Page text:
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Summary of Past Week Articles August 05, 2022

Sales of virtual land decline amid a broader crypto downturn:

As land costs in numerous metaverses have dropped to their lowest levels in months, virtual real estate is currently facing a crash. The fall is happening amid a broader crypto downturn that has seen about USD 2 trillion erased from the market capitalization of cryptocurrencies.

According to a dashboard, Dune Analytics, an open-source data provider that tracks metaverse sales, the sales volumes and average prices of virtual land have significantly decreased for almost all projects.

Three of the most significant projects, Decentraland, The Sandbox, and NFT Worlds, had their worst month in July.

In the last month, the average cost of virtual land in Decentraland plunged to about USD 4,006, its lowest level in the previous 24 months.

The decline follows a significant increase in virtual land values that began in late 2020 and lasted until early this year.

Ex-Coinbase Manager Pleads Not Guilty To Wire Fraud Charges:

A former product manager of significant exchange Coinbase and his brother have pleaded not guilty to wire fraud charges in what is referred to as the first insider trading case involving cryptocurrency in the US.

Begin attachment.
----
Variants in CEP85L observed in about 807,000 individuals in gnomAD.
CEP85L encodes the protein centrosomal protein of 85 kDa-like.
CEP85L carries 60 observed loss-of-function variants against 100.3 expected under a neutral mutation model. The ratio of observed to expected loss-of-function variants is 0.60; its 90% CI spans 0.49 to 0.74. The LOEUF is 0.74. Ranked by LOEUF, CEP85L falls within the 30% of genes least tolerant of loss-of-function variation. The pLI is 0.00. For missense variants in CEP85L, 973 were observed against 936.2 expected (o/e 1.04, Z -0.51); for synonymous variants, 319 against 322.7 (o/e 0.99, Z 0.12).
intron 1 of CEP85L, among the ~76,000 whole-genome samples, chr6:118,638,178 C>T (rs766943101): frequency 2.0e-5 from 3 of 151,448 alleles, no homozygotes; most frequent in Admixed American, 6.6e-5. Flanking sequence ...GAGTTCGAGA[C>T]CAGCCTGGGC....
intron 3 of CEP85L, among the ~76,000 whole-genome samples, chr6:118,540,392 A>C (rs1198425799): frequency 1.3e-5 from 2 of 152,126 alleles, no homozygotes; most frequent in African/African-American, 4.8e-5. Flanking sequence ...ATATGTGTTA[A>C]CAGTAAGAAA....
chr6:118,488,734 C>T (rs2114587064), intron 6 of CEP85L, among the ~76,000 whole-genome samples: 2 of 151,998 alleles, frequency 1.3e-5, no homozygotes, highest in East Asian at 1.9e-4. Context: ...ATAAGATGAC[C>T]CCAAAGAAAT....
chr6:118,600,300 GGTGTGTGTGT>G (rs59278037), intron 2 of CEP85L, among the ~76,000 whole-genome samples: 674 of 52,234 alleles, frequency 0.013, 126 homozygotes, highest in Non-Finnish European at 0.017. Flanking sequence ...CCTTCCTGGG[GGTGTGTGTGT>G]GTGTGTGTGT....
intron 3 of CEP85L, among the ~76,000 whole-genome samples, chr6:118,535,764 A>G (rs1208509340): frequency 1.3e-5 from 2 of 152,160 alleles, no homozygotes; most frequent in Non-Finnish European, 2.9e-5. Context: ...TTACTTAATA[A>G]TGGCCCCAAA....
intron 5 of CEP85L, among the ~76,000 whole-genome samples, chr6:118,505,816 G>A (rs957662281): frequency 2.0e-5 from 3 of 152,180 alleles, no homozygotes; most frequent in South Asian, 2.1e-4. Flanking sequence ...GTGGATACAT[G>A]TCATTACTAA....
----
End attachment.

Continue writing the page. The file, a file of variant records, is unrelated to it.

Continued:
The defense is predicated on the idea that crypto assets are not securities or commodities. As a result, the case may affect American legal doctrine about the legal standing of cryptocurrencies.

Ishan Wahi, 32, was detained in Seattle last month after prosecutors determined that he likely communicated private information with his brother Nikhil and their mutual friend Sameer Ramani.

According to Reuters, officials connected their actions to upcoming announcements of new crypto assets that Coinbase would make possible for its users to trade.

Their friend is still at large, and US law enforcement is attempting to track him down.

Pension Fund to Invest $6.8 billion in Crypto Lending Market:

The Fairfax County Retirement Systems, a US pension fund whose assets total USD 6.8 billion, has revealed it is looking to invest in crypto lending markets. The fund aims to increase its returns.